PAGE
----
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Home Prices And Interest Rates? It’s Anybody’s Ball Game

Home Prices And Interest Rates? It's Anybody's Ball Game

What goes up must come down. You’d think. Realtor’s Margaret Heidenry notes how, for the past two years, homebuyers have faced hoards of competition that drove housing prices sky-high. Today, however, as buyers hope home prices are beginning to soften, interest rates, having risen more than 77% compared to a year ago, are the new nasty.

The odds are still in favor of the Feds keeping rates high for a while, but the odds are also good that things can change again when they begin to see solid evidence of inflation abating. Let’s hope.

“Chair [Jerome] Powell made it clear that taming inflation is a top priority that will likely require a higher policy rate than was previously expected,” says Realtor’s chief economist, Danielle Hale. Mortgage rates, while not directly tied to the Fed’s actions, do tend to react in tandem. As Hale explains, “Mortgage rates are likely to follow these expectations higher.”

Home prices don’t seem to be softening at a rate that gives homebuyers reason to rejoice quite yet. For the week ending Oct. 29, they have continued to increase by 12% compared to that same week last year, hitting the 44th week of double-digit growth. Buyers, who look to the Fed’s promise of continuing to jack up interest rates—are still making offers, however, likely trying to outrun the market. “Despite affordability challenges in today’s housing market, the homeownership rate continued to climb in the third quarter as households looked to lock in monthly payments,” explains Hale.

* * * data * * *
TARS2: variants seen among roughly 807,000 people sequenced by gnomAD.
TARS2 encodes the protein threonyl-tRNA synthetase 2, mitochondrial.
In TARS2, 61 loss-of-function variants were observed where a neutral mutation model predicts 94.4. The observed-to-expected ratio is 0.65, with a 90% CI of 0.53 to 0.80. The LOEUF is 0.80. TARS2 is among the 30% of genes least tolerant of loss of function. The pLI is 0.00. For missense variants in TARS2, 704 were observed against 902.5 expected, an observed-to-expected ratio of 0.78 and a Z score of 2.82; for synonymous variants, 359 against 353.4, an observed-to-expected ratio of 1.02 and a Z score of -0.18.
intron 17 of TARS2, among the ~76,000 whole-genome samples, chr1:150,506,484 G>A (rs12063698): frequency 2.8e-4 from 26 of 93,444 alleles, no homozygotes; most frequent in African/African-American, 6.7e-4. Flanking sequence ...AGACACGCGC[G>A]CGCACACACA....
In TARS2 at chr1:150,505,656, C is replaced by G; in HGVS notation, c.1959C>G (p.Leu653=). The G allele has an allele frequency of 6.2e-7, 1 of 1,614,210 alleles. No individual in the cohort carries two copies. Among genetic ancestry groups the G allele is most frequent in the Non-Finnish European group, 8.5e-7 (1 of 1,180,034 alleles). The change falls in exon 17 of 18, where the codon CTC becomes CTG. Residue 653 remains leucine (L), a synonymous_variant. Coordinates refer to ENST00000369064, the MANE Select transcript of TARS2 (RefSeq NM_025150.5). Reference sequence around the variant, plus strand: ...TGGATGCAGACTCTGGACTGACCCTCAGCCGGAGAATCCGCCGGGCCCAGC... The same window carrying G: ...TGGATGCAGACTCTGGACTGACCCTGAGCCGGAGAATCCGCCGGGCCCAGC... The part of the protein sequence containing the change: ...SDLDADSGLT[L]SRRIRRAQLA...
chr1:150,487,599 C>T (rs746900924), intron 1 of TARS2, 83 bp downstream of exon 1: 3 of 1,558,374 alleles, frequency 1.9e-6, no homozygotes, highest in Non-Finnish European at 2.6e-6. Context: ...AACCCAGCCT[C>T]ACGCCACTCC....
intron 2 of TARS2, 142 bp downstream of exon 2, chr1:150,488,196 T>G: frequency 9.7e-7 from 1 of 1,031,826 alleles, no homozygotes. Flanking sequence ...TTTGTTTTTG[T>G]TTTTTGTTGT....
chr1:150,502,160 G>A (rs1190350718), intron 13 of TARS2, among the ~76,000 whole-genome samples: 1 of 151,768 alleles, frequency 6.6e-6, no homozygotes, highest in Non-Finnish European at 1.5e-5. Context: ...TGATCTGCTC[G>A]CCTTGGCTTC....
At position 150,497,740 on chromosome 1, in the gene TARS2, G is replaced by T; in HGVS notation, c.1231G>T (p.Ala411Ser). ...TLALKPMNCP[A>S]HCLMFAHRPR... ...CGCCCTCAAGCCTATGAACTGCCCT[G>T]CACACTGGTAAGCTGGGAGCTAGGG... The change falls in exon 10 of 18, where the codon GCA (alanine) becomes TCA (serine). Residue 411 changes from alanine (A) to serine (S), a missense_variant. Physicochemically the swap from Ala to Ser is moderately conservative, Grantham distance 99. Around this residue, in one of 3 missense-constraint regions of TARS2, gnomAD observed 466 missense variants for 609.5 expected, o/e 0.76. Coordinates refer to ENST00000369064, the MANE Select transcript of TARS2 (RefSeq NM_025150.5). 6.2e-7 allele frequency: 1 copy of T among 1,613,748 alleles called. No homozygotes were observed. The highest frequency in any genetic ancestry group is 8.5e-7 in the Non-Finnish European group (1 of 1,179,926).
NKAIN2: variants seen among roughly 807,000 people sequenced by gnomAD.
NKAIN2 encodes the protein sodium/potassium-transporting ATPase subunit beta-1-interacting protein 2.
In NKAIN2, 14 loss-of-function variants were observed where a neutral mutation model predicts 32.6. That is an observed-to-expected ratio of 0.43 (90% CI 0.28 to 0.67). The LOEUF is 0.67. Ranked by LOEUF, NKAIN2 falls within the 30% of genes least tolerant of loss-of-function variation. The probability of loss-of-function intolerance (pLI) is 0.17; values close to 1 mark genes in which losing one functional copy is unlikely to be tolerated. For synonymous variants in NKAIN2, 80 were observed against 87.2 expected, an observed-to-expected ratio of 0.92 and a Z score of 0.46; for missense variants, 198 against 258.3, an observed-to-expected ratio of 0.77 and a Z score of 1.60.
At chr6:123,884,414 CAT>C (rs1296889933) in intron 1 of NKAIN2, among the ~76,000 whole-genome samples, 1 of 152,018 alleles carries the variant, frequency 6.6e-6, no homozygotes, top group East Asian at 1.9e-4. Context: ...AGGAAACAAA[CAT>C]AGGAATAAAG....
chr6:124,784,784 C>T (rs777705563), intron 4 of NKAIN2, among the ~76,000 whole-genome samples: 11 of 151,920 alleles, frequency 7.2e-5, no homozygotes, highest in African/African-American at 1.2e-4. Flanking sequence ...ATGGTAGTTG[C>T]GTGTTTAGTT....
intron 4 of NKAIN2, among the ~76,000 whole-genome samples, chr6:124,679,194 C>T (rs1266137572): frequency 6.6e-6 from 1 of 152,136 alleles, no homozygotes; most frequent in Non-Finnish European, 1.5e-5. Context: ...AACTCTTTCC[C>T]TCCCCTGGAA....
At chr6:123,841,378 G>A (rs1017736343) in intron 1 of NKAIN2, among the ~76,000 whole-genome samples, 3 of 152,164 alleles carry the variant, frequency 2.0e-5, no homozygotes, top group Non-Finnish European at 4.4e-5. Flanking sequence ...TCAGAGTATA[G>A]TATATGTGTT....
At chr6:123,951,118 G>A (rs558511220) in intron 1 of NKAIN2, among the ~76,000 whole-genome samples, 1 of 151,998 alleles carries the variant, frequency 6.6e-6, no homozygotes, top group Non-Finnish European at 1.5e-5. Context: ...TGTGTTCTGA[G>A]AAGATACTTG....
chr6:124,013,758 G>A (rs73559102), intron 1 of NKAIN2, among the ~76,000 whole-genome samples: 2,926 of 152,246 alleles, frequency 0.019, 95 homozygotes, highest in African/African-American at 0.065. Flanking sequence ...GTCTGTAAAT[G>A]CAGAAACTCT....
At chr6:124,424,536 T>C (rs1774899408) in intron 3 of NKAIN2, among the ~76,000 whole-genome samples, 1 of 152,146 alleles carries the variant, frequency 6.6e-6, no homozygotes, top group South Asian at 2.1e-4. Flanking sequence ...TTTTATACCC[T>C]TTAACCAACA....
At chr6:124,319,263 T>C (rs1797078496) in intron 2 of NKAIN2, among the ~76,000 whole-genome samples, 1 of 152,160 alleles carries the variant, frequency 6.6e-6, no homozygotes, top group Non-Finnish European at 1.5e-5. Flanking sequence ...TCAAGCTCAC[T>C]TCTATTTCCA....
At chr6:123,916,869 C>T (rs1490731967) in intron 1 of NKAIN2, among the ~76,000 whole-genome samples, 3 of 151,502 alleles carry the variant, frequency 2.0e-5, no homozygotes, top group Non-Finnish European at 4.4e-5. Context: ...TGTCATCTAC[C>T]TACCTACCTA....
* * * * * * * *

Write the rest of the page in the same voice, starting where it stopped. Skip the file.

Yet while there are home shoppers enjoying success in the market, Hale notes that when it comes to the path of homeownership “the hurdles are getting higher.” Heidenry explains that as some homebuyers pull back and shelve their plans, the backlog of homes sitting on the market is growing.

“Data for the week ending Oct. 29 shows that the number of active listings on the market is up 40% compared to that same week a year ago, surpassing heights not seen since October 2020,” she says. “Yet the number of new listings—of sellers who are just entering the market—are down by 13% compared to this same week a year earlier.

Again, she cites Hale: “New listings data suggests that homeowners remain reluctant to sell. This marks the seventeenth week of year-over-year declines in new listings coming up for sale.”

You might ask: Why aren’t sellers eager to cash in on high home prices? It’s one of those “chicken-or-the-egg-which-came-first?” scenarios. “Because many also carry mortgages with low-interest rates. And they likely don’t want to buy a new home—and apply for a new mortgage at a higher monthly rate,” says Hale.“With most homeowners locked into mortgage rates well below currently prevailing rates, the number of new listings is likely to remain low.”

The numbers for October indicate that homes spent 51 days on market before being snapped up. And for the week ending Oct. 29, homes spent six extra days on the market as this same week last year, marking the fourteenth straight week that properties spent more time on the market compared to 2021. It’s a sign.

“Buyers who haven’t called off the search as mortgage rates continue to climb will likely have more time to make decisions,” says Hale.

Realtor, TBWS

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